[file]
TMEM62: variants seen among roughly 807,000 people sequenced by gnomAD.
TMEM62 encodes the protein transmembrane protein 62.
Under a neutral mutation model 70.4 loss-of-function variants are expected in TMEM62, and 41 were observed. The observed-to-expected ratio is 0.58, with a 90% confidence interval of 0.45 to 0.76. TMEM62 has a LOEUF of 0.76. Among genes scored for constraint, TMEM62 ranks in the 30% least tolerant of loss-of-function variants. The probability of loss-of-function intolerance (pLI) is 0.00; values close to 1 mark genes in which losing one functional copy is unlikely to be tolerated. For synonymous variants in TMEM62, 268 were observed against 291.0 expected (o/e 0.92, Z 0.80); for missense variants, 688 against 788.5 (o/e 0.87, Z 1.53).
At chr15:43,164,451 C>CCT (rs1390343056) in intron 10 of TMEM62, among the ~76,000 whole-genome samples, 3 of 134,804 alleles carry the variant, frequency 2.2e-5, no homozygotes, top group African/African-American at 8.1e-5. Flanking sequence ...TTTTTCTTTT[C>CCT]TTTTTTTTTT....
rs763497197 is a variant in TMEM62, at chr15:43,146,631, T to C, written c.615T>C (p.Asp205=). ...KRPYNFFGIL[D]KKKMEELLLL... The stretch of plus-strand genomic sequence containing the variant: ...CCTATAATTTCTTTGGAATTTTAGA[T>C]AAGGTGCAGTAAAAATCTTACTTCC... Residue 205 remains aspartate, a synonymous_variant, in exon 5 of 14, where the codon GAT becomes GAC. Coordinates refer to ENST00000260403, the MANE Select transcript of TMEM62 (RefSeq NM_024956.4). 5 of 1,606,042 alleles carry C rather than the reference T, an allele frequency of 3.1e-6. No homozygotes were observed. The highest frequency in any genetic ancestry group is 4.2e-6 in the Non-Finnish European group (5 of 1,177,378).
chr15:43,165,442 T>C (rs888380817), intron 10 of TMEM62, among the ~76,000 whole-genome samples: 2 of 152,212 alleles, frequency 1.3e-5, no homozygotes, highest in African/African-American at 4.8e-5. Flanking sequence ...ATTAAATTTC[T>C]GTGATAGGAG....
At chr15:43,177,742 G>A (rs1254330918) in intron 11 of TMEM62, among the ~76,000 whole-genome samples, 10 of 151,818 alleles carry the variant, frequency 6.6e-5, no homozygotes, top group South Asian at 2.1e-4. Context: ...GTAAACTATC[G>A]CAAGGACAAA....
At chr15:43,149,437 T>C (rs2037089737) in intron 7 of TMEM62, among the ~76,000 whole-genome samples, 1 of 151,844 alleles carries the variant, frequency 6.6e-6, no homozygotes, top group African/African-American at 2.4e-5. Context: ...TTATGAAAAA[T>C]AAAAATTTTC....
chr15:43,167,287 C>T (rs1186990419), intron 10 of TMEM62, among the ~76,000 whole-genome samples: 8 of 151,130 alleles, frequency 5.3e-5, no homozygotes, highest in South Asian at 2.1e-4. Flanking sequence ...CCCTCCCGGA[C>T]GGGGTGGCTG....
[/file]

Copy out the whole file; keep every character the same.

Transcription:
TMEM62: variants seen among roughly 807,000 people sequenced by gnomAD.
TMEM62 encodes the protein transmembrane protein 62.
Under a neutral mutation model 70.4 loss-of-function variants are expected in TMEM62, and 41 were observed. The observed-to-expected ratio is 0.58, with a 90% confidence interval of 0.45 to 0.76. TMEM62 has a LOEUF of 0.76. Among genes scored for constraint, TMEM62 ranks in the 30% least tolerant of loss-of-function variants. The probability of loss-of-function intolerance (pLI) is 0.00; values close to 1 mark genes in which losing one functional copy is unlikely to be tolerated. For synonymous variants in TMEM62, 268 were observed against 291.0 expected (o/e 0.92, Z 0.80); for missense variants, 688 against 788.5 (o/e 0.87, Z 1.53).
At chr15:43,164,451 C>CCT (rs1390343056) in intron 10 of TMEM62, among the ~76,000 whole-genome samples, 3 of 134,804 alleles carry the variant, frequency 2.2e-5, no homozygotes, top group African/African-American at 8.1e-5. Flanking sequence ...TTTTTCTTTT[C>CCT]TTTTTTTTTT....
rs763497197 is a variant in TMEM62, at chr15:43,146,631, T to C, written c.615T>C (p.Asp205=). ...KRPYNFFGIL[D]KKKMEELLLL... The stretch of plus-strand genomic sequence containing the variant: ...CCTATAATTTCTTTGGAATTTTAGA[T>C]AAGGTGCAGTAAAAATCTTACTTCC... Residue 205 remains aspartate, a synonymous_variant, in exon 5 of 14, where the codon GAT becomes GAC. Coordinates refer to ENST00000260403, the MANE Select transcript of TMEM62 (RefSeq NM_024956.4). 5 of 1,606,042 alleles carry C rather than the reference T, an allele frequency of 3.1e-6. No homozygotes were observed. The highest frequency in any genetic ancestry group is 4.2e-6 in the Non-Finnish European group (5 of 1,177,378).
chr15:43,165,442 T>C (rs888380817), intron 10 of TMEM62, among the ~76,000 whole-genome samples: 2 of 152,212 alleles, frequency 1.3e-5, no homozygotes, highest in African/African-American at 4.8e-5. Flanking sequence ...ATTAAATTTC[T>C]GTGATAGGAG....
At chr15:43,177,742 G>A (rs1254330918) in intron 11 of TMEM62, among the ~76,000 whole-genome samples, 10 of 151,818 alleles carry the variant, frequency 6.6e-5, no homozygotes, top group South Asian at 2.1e-4. Context: ...GTAAACTATC[G>A]CAAGGACAAA....
At chr15:43,149,437 T>C (rs2037089737) in intron 7 of TMEM62, among the ~76,000 whole-genome samples, 1 of 151,844 alleles carries the variant, frequency 6.6e-6, no homozygotes, top group African/African-American at 2.4e-5. Context: ...TTATGAAAAA[T>C]AAAAATTTTC....
chr15:43,167,287 C>T (rs1186990419), intron 10 of TMEM62, among the ~76,000 whole-genome samples: 8 of 151,130 alleles, frequency 5.3e-5, no homozygotes, highest in South Asian at 2.1e-4. Flanking sequence ...CCCTCCCGGA[C>T]GGGGTGGCTG....